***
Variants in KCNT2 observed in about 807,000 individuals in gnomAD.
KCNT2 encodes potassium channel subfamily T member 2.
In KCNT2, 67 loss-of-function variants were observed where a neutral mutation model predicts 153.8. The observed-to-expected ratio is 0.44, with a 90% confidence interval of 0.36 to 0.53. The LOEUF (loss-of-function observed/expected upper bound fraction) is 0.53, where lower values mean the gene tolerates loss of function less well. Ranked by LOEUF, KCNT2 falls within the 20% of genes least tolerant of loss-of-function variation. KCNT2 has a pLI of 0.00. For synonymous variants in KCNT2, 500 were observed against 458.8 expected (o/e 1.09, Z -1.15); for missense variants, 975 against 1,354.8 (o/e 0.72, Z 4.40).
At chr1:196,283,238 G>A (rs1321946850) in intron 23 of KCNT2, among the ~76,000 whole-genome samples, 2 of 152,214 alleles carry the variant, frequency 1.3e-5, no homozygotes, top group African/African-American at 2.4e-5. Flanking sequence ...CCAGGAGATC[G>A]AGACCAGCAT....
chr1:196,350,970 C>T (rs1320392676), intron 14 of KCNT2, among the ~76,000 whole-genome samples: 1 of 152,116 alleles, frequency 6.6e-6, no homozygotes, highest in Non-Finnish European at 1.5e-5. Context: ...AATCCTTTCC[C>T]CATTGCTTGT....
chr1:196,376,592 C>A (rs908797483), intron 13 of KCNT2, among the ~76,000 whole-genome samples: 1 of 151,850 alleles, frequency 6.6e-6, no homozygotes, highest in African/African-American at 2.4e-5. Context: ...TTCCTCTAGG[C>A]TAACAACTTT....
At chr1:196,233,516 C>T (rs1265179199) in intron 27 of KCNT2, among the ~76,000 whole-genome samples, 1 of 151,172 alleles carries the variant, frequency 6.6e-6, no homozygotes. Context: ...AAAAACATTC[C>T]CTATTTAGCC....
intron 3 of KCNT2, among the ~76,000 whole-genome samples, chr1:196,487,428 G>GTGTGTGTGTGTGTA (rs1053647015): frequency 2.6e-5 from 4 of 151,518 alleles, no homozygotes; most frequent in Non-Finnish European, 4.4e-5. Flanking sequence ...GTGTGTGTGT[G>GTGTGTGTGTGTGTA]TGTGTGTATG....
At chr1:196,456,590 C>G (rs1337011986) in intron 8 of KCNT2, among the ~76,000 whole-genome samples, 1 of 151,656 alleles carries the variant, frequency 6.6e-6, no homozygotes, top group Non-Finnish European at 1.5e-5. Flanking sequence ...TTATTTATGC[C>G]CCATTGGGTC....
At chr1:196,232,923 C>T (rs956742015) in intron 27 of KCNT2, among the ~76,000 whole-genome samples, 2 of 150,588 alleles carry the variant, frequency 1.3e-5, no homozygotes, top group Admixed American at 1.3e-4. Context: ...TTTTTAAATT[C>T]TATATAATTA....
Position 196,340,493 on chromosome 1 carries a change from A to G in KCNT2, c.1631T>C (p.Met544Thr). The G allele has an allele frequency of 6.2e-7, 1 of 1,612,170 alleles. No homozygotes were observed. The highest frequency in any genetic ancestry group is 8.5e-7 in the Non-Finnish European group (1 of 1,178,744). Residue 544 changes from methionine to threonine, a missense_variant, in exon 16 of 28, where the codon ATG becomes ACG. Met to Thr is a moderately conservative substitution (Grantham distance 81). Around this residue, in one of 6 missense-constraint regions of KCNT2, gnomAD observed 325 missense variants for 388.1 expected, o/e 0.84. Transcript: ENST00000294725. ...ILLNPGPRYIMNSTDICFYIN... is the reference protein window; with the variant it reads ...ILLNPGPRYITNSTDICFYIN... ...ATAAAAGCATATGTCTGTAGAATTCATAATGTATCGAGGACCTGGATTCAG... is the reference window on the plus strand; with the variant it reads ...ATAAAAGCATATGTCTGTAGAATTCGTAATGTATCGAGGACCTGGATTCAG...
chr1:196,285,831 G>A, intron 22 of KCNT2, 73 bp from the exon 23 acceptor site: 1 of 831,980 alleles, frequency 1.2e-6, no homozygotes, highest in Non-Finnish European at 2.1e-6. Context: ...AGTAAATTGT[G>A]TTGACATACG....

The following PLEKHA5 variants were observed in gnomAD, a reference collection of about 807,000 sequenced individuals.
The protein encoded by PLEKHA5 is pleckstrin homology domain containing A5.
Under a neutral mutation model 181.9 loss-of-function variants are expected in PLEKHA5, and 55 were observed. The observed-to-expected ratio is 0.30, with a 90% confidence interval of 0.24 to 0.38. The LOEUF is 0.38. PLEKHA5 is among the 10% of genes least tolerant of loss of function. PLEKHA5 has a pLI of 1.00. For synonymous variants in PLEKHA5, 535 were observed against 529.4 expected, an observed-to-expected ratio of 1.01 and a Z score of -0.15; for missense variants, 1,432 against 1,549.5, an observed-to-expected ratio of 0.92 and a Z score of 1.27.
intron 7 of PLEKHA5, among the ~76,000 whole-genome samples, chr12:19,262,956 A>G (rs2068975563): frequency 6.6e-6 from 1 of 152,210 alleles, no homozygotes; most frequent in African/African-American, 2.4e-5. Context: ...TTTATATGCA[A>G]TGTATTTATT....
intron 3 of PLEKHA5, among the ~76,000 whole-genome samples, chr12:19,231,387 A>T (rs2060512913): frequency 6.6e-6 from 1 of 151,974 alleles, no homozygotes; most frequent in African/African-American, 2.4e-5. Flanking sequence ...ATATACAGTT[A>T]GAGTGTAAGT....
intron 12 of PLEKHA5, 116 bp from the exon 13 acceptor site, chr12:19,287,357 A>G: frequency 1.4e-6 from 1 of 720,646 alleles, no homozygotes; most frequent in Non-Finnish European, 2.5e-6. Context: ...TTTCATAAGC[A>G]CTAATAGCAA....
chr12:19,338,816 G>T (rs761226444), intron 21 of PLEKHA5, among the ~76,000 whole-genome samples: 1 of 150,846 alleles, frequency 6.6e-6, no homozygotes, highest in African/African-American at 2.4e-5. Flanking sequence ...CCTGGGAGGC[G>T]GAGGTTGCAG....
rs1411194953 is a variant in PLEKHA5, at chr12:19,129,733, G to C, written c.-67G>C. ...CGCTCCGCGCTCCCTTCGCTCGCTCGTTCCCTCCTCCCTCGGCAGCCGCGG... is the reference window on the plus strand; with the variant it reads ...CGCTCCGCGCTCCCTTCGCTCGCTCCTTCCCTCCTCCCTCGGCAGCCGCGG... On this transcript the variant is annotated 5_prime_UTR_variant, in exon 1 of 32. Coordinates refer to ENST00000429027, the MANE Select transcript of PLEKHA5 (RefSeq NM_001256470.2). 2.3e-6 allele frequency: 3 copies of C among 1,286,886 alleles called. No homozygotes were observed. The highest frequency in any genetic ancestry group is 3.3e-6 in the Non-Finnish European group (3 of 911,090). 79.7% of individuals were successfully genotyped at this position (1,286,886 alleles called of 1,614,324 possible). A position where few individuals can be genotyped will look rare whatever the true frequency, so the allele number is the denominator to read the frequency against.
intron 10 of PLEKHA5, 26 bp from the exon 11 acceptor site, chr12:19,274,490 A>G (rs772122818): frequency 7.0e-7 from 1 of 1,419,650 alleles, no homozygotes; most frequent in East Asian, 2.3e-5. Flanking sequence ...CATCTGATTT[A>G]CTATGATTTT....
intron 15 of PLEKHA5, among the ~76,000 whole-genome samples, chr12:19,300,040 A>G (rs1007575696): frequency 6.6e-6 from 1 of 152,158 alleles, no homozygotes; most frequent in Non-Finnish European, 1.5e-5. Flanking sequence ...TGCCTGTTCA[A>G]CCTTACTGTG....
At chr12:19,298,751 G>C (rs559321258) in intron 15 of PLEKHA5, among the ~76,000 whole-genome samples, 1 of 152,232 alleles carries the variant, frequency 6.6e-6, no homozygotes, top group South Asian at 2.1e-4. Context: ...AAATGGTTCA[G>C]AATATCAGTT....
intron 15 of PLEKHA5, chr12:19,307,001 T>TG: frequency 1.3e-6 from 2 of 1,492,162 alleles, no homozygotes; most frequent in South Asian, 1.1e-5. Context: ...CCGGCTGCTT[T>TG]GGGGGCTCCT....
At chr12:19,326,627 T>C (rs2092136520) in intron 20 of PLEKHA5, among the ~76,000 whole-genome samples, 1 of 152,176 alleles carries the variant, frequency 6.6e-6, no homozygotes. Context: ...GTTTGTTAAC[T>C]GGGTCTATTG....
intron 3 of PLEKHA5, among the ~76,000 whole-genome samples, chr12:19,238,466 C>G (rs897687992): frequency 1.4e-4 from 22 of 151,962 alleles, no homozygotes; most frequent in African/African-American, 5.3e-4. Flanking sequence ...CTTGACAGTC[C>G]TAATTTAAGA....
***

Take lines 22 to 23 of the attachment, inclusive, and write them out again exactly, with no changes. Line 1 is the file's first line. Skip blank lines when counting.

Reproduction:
intron 15 of PLEKHA5, among the ~76,000 whole-genome samples, chr12:19,300,040 A>G (rs1007575696): frequency 6.6e-6 from 1 of 152,158 alleles, no homozygotes; most frequent in Non-Finnish European, 1.5e-5. Flanking sequence ...TGCCTGTTCA[A>G]CCTTACTGTG....
At chr12:19,298,751 G>C (rs559321258) in intron 15 of PLEKHA5, among the ~76,000 whole-genome samples, 1 of 152,232 alleles carries the variant, frequency 6.6e-6, no homozygotes, top group South Asian at 2.1e-4. Context: ...AAATGGTTCA[G>C]AATATCAGTT....